In the morning after waking heaviness in the whole of the top of the head. [Bch.]

An extraordinary heaviness in the whole head, as if he could not hold it still, only when sitting. [Htn.]

(Aching tearing pain in the head, which does not permit mental work)(aft. 12 h.).

10. Flat pressure all over the head as from a weight (aft. 12 h.). [Bch.]

Transient aching in the occiput. [Bch.]

Pressive pain in the frontal protuberance on a small spot. [Htn.]

Aching drawing pain in the forehead. [Htn.]

A transient pain in the occiput spreading from the left to the right side. [Htn.]

15. Single painful stitches combined with drawing in the forehead from the left to the right side. [Htn.]

A drawing ending in a stitch in the right temple (aft. ½ h.). [Htn.]

Contractive pain in both temples.

Twitching stitch in the right temple to the forehead.

Violent drawing stitches in the right temple; they drew half of the brain together.

20. Squeezing headache in the lateral parts of the head (aft. ½ h.).

A drawing shooting, long continued pain in the occiput, when sitting. [Htn.]

Rather slow stitches into the right side of the forehead. [Htn.]

A painful penetrating blow in the left frontal protuberance (aft. 1 h.). [Htn.]

Tearing pain in the occiput. [Htn.]

25. A digging pain in their occiput. [Htn.]

Painful sensitiveness of the top of the head. [Ws.]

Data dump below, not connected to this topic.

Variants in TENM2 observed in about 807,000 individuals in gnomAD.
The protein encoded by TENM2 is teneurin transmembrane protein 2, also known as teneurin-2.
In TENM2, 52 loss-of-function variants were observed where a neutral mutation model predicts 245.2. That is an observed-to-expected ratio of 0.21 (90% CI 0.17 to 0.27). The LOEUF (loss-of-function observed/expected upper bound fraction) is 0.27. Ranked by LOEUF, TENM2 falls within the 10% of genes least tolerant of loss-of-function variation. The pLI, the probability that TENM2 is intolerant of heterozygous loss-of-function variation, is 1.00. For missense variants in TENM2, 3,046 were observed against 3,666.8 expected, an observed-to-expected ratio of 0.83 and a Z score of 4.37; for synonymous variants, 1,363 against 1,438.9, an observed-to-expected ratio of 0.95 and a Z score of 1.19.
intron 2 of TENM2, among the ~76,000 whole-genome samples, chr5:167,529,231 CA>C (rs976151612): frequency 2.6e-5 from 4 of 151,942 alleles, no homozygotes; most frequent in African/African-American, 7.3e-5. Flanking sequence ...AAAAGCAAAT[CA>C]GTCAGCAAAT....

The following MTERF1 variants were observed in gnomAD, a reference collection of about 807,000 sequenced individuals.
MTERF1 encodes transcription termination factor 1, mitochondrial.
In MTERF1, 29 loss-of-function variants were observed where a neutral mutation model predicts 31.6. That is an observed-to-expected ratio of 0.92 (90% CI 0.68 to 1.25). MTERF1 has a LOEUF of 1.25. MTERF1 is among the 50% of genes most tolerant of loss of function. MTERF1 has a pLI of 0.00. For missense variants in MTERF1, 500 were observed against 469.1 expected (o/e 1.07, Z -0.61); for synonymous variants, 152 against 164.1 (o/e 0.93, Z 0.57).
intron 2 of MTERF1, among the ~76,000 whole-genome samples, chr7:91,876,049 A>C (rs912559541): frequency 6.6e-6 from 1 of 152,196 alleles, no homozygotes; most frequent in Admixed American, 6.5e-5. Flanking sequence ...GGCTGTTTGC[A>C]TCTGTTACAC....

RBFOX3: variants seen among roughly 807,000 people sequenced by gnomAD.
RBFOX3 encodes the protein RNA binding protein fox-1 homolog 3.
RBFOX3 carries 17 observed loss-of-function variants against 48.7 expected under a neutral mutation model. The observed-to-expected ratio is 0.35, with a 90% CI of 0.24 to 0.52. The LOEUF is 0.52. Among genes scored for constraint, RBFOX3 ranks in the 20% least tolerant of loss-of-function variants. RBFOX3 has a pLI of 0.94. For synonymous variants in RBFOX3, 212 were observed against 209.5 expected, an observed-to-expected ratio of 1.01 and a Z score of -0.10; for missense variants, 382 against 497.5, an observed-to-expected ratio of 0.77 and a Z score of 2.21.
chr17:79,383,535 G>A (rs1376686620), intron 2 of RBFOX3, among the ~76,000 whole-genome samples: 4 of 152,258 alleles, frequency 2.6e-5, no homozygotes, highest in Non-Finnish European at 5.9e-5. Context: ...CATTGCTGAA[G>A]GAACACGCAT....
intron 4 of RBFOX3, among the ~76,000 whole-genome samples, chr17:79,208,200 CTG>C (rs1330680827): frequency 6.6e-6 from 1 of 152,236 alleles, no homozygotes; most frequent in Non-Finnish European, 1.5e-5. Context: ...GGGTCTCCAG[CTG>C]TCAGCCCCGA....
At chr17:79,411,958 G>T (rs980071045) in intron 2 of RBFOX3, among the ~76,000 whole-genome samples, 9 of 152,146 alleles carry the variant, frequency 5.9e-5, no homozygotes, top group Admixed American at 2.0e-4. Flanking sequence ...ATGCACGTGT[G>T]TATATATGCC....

Every morning painful sensitiveness on the top of the head, and stupefaction in the interior of it. [Ws.]

A splashing in the head when shaking it.

(Eroding) itching on the forehead and chin, as if an eruption would break out, going off on scratching, but returning immediately. [Bch.]

30. Stitches in the right frontal protuberance down to the nose. [Htn.]

The appearance of the countenance varies, and is sometimes very much dejected, sometimes animated, without heat or chill feeling. [Stf.]

Distorted, strained features, large wide open eyes and staring look, with redness of the cheeks, without thirst. [Htn.]

Staring look. [Htn.]

The left eye looks smaller than the right; the upper left eyelid is as if swollen, and hangs perceptibly down, making the eye seem smaller. [Stf.]

35. The eyes appeared to swim in cool water for some minutes. [Stf.]

The pupils contract (aft. 5 h.).